module specification

SJ5034 - Newsroom Production (2018/19)

Module specification Module approved to run in 2018/19
Module title Newsroom Production
Module level Intermediate (05)
Credit rating for module 30
School School of Computing and Digital Media
Total study hours 291
 
201 hours Guided independent study
90 hours Scheduled learning & teaching activities
Assessment components
Type Weighting Qualifying mark Description
Coursework 20%   Employability e-portfolio [total 1500 words]
Coursework 20%   Journalism portfolio plus InDesign lay-out [total 1000 words]]
Coursework 35%   Journalism portfolio, video pitch and reflective commentary, via online production journal [total 1500 words]
Coursework 25%   Journalism portfolio, individual [total 100 words ]
Running in 2018/19
Period Campus Day Time Module Leader
Year North Tuesday Morning

Module summary

Students will work in teams in the newsroom to produce multi-platform journalism consistent with industry practice.  This module is core for journalism students and many allied courses.

Working within tight deadlines and adhering to professional codes and standards, students will write and edit copy and scripts, headlines and picture captions and learn how to use words, images, graphics, audio and social media to construct narratives appropriate to the story and platform. They will develop competencies in the use of audio and video recording and editing, making particular use of smartphones, and learn how to draw traffic to their work by means of social media.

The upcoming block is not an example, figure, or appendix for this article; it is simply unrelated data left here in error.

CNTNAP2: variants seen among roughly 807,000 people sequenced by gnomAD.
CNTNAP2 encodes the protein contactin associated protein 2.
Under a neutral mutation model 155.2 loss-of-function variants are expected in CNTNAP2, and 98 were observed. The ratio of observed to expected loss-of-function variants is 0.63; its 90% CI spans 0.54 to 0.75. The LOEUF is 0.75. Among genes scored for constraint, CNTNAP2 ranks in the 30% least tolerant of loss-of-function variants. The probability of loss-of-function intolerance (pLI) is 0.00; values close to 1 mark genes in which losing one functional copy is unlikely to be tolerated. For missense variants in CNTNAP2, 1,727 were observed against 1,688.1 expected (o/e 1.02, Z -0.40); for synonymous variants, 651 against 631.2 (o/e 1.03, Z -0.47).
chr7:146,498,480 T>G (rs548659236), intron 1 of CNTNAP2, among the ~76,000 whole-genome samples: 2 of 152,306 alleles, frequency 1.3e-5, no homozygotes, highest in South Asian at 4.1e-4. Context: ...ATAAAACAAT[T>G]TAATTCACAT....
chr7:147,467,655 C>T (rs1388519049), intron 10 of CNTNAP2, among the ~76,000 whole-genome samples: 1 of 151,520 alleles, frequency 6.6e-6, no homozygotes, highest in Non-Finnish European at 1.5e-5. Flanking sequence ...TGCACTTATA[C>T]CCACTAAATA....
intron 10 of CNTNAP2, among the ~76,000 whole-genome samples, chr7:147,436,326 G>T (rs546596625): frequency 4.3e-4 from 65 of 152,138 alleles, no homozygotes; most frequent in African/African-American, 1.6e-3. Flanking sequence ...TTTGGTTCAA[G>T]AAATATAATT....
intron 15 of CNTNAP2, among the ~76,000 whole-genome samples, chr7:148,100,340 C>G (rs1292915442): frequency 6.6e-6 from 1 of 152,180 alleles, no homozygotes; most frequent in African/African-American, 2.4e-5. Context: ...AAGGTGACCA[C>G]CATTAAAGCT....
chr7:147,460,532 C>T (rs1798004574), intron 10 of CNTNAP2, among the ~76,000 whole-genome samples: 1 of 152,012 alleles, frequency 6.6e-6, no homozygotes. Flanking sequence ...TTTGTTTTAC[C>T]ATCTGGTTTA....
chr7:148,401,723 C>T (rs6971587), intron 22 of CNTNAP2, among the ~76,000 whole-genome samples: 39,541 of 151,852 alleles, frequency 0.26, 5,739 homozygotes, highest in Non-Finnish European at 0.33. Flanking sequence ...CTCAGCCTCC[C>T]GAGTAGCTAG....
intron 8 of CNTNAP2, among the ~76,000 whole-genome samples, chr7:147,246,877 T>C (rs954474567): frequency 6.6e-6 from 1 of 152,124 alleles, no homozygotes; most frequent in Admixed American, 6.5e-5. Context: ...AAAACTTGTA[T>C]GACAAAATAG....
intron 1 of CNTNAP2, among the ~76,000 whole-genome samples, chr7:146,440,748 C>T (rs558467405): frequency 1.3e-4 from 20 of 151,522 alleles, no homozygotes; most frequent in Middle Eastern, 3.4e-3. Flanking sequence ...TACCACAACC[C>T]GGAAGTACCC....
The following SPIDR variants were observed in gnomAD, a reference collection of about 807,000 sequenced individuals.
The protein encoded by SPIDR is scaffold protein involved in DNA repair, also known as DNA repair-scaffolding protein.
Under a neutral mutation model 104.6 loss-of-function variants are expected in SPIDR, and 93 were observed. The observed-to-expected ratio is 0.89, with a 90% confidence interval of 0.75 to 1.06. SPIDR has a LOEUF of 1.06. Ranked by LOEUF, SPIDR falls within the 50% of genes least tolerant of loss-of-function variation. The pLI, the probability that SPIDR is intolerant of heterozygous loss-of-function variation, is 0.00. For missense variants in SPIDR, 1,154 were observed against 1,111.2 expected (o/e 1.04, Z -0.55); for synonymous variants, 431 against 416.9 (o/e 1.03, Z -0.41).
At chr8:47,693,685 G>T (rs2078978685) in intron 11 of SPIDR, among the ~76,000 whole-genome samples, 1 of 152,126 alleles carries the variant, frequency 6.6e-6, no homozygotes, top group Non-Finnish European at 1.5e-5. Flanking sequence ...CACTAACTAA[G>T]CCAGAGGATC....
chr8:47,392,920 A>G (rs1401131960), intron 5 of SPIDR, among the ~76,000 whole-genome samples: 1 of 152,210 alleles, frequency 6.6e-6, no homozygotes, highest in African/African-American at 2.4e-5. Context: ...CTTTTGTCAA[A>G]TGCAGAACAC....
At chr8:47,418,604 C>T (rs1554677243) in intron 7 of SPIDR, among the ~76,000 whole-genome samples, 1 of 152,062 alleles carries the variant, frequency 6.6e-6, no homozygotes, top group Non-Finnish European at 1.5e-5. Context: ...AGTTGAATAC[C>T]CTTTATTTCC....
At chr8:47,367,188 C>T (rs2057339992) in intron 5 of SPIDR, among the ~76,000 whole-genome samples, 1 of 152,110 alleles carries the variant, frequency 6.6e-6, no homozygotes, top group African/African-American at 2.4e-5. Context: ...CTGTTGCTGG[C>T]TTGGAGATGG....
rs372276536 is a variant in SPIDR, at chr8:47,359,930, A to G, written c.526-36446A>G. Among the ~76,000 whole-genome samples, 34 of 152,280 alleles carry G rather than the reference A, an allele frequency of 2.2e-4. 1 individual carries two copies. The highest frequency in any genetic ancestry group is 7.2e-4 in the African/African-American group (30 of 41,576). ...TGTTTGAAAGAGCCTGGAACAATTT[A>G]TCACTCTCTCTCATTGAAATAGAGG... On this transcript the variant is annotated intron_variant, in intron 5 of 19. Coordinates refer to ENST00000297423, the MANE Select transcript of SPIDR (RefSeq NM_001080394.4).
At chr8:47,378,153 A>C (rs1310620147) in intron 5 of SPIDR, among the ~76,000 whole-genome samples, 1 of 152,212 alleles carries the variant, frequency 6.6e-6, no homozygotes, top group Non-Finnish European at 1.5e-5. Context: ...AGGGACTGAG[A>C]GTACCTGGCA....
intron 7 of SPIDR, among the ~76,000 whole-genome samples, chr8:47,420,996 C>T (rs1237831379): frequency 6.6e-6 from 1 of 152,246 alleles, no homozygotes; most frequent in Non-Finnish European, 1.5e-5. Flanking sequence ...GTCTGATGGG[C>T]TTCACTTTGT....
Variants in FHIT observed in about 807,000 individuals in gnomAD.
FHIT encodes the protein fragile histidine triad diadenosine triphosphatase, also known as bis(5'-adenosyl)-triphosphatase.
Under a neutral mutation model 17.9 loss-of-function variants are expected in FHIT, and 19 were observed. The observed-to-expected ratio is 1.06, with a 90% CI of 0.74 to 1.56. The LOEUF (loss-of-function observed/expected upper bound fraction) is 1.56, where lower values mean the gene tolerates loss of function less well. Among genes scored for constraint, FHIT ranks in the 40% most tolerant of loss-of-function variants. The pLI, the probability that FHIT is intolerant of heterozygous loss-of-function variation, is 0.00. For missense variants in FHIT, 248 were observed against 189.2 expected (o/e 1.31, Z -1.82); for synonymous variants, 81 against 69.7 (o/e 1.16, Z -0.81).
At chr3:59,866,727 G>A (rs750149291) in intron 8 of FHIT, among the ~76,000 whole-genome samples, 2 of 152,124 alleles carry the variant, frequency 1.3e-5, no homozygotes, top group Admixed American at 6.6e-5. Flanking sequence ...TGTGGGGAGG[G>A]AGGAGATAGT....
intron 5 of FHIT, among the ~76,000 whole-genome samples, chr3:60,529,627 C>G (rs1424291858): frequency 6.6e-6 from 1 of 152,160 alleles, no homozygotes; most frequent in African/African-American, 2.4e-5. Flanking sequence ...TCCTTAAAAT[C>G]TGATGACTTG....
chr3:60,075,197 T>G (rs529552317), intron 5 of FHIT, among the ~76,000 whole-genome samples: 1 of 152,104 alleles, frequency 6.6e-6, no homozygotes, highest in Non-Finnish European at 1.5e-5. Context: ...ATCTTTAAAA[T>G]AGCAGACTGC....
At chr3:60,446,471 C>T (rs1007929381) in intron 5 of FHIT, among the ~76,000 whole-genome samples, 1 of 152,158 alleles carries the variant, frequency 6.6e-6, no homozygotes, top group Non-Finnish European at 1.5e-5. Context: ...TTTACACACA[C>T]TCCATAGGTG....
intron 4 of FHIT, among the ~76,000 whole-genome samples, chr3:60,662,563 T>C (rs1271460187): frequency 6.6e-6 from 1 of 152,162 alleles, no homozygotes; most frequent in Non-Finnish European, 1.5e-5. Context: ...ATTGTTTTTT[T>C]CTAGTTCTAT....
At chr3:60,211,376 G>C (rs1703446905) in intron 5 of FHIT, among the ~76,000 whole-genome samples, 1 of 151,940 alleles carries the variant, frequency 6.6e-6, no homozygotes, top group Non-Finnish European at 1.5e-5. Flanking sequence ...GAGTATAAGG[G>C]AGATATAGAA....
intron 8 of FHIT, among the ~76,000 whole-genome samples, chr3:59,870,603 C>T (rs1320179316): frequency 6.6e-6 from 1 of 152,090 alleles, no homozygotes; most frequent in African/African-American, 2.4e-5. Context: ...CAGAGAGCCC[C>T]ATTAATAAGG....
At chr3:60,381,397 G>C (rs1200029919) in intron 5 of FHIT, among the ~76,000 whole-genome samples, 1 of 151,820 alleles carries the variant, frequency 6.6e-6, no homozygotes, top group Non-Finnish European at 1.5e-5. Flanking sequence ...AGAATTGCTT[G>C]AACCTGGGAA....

In order to perform these tasks, students will take on a number of roles specified in published job descriptions.  Students will be required to produce CVs, covering letters and portfolio websites displaying their own work, appear before an interview board and pitch story or programme ideas to commissioners.   This will develop their social as well as writing skills.

The development of students’ professional practice will be informed by sessions led by guest speakers from the industry and field trips to working news environments. 

The second half of the course will involve four six-hour long news days, which will offer chances to transform understandings into practice.

Successful completion of this module will involve the preparation of journalism and employability portfolios to be developed for presentation to prospective employers.   

Assessment will involve three portfolios of journalism, and an employability portfolio.
Contribution to news days will be both self-assessed and moderated by tutors.

Syllabus

Teaching sessions will take place in the multimedia newsroom and include explicit instruction about roles and responsibilities in a modern newsroom, the challenge of working in teams, user generated content and social media in journalism, multimedia storytelling, page design and layout, the power of images and graphics, principles of copy editing, fact-checking, balance and the right of reply, how to write headlines and captions. LO1, LO2, LO4